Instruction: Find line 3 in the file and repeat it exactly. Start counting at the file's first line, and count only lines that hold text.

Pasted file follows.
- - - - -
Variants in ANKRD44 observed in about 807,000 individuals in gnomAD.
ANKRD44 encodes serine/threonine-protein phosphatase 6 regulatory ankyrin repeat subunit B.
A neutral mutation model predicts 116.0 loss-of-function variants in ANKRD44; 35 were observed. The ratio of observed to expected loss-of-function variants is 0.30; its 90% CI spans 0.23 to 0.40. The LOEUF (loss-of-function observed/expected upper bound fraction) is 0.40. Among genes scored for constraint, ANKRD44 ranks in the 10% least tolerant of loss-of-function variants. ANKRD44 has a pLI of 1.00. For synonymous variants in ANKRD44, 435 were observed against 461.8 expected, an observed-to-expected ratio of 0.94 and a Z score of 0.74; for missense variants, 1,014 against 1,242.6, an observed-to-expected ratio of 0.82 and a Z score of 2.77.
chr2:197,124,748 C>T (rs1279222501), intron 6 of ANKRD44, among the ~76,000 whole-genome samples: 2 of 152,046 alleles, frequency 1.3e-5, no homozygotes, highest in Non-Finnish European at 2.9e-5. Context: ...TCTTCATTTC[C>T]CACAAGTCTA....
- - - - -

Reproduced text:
A neutral mutation model predicts 116.0 loss-of-function variants in ANKRD44; 35 were observed. The ratio of observed to expected loss-of-function variants is 0.30; its 90% CI spans 0.23 to 0.40. The LOEUF (loss-of-function observed/expected upper bound fraction) is 0.40. Among genes scored for constraint, ANKRD44 ranks in the 10% least tolerant of loss-of-function variants. ANKRD44 has a pLI of 1.00. For synonymous variants in ANKRD44, 435 were observed against 461.8 expected, an observed-to-expected ratio of 0.94 and a Z score of 0.74; for missense variants, 1,014 against 1,242.6, an observed-to-expected ratio of 0.82 and a Z score of 2.77.